After her PhD, Dowling worked on underwater acoustics, unsteady flow and combustion: "How flexible coatings over sonar could reduce the noise of turbulent flow over submarines." The oil industry is one interested party. Acoustic reflected signals can be used to detect oil-bearing rocks, she says. But unsteady flow over the towed detectors can conceal these weak signals, so Dowling was trying to get maximum signal-to-noise ratio by reducing the noise of turbulent flow over the transducers. A combination of visco-elastic materials proved to be the solution.
And so to the Silent Aircraft Initiative, an MIT/Cambridge collaboration, which Dowling led. The brief was to make passenger jet noise imperceptible outside the airfield. Its targets have inspired Nasa in its long-term research. "They've gone further," Dowling says. In Nasa's aeronautics research project "aircraft need to meet stringent low-fuel burn and noise targets".
However, the resulting SAX40 is still just a concept. For a start, there's the cost: over £20bn, Dowling estimates. The prototype used the advantages of the blended-wing body, but "ours had some novelty - an indentation under the centre body which gave a higher ratio of lift to drag than Boeing's". The style of engine was also different. Dowling explains that historically engine efficiency has been improved by having a bypass engine: "Not all the air goes through the combustion chamber; instead a turbine is used to drive a big fan, which moves a lot of air at low speed. This reduces the jet noise." But if you make the fan bigger you increase the surface area of the pods holding the engines and this increases drag, so fuel efficiency improvements peter out. The solution was to have the turbine drive three smaller fans. These could be packed into the aircraft avoiding the extra drag and reducing the weight of the engine, thereby emitting less noise and using less energy.
And why did Dowling's team employ variable area nozzles, not currently used in civil aircraft? "For low noise at take-off you need lots of low-speed airflow through the exit nozzle – the three fans could give that but for peak efficiency in cruise you want to reduce the bypass ratio," Dowling says. This is achieved by closing the exit nozzle a little. The nozzle opening can also be changed to keep the engines operating at peak efficiency as the aircraft gets lighter due to fuel consumption during flight.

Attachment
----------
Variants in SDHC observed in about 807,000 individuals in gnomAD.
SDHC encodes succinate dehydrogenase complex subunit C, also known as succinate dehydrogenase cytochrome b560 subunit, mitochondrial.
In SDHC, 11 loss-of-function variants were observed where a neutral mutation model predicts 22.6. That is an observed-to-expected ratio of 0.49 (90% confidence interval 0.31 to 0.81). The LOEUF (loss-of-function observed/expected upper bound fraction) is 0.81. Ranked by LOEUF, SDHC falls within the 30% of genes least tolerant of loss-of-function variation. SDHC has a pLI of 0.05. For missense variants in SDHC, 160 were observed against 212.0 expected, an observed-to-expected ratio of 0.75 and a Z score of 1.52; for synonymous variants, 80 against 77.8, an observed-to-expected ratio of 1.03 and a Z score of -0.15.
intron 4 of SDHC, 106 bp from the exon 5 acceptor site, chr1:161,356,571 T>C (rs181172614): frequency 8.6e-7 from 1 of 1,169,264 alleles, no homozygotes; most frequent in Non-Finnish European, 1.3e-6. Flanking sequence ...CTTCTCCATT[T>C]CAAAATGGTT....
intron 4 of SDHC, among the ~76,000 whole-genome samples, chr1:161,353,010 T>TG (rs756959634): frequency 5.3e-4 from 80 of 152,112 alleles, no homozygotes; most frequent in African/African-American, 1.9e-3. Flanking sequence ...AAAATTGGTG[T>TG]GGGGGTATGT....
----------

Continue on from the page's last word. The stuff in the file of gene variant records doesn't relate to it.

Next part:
Whilst current aircraft have this trade-off of reducing noise, which can increase weight and drag and bring down efficiency, their design decreased fuel burn by 20 per cent and noise by a substantial 25dB. This is defined as background noise, undetectable in ambient daytime urban conditions. Even more fuel could be saved, she says, if the noise was only reduced by 10dB.
Another application of her research is gas-fuelled power stations. Targets to reduce harmful gases like nitrous oxides are causing power stations to operate on the verge of instability. Low emission targets can be achieved by burning lean with a high ratio of air to fuel, but then the combustion is very susceptible to instability. "The large pressure oscillations can be so intense that they break the gas turbines in the power stations."
Historically, unstable combustion has happened in energy-intensive combustors like rockets and afterburners of jet engines. Dowling and her team are on the case. "We have worked on models predicting when those instabilities would happen and how they can be avoided. This can be through the way you mix the fuel and air or by increasing absorption of acoustic energy. We have also used feedback control to achieve stability. This is when you drive the fuel unsteadily to produce fluctuations in the combustion rate in anti-phase with those occurring naturally." By demonstrating on a simple combustor in the lab and then working with Rolls-Royce on a jet engine they got "active control of the instability" and eliminated the oscillations.
Despite the enormity and importance of these projects, the shortfall in British engineers is huge. Dowling often gives talks in schools, but the message is still not getting across. In particular, it's not getting across to her own sex.
The feedstock of girls reading engineering at university is around 17 per cent, Dowling thinks. Why? The perceived lack of social relevance and flexible working hours perhaps? "Nothing could be further from the truth," protests Dowling. "Every engineering project is about making something that someone wants. It is very creative."
However, Dowling says her department has a higher percentage of female engineers than elsewhere. Could this have something to do with herself as figurehead? "I don't think I can claim that." Instead, she puts it down to offering a broad strand of engineering. However, later on she concedes that it's always useful to see someone active in your field and doing well.